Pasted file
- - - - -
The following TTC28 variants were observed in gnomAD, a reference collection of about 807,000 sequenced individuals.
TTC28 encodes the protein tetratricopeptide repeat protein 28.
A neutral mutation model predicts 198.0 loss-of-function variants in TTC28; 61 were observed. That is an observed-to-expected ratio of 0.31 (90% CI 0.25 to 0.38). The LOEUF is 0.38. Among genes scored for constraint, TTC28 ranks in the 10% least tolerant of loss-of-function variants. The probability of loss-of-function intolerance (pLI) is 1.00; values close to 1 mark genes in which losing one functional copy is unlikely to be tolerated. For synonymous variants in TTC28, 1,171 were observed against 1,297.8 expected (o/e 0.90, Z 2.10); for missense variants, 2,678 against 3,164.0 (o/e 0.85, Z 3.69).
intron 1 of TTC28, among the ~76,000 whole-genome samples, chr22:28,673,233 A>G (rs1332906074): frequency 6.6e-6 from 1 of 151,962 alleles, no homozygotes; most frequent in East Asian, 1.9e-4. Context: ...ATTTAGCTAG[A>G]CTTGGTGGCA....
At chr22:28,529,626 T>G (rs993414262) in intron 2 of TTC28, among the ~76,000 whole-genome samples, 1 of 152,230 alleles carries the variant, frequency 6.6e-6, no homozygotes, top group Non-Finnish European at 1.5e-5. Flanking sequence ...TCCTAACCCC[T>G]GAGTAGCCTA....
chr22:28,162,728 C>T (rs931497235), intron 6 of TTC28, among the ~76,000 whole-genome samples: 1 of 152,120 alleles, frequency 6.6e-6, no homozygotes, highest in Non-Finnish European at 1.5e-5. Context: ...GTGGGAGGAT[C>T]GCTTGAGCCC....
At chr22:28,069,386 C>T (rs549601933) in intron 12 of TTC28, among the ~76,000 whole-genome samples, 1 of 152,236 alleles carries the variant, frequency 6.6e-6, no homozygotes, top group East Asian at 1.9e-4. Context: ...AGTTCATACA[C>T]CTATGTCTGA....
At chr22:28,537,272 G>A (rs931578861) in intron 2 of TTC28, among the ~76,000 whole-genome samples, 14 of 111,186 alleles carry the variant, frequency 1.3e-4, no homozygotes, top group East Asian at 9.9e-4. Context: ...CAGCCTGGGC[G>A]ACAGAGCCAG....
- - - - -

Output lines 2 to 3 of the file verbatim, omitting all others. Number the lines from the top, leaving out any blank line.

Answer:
TTC28 encodes the protein tetratricopeptide repeat protein 28.
A neutral mutation model predicts 198.0 loss-of-function variants in TTC28; 61 were observed. That is an observed-to-expected ratio of 0.31 (90% CI 0.25 to 0.38). The LOEUF is 0.38. Among genes scored for constraint, TTC28 ranks in the 10% least tolerant of loss-of-function variants. The probability of loss-of-function intolerance (pLI) is 1.00; values close to 1 mark genes in which losing one functional copy is unlikely to be tolerated. For synonymous variants in TTC28, 1,171 were observed against 1,297.8 expected (o/e 0.90, Z 2.10); for missense variants, 2,678 against 3,164.0 (o/e 0.85, Z 3.69).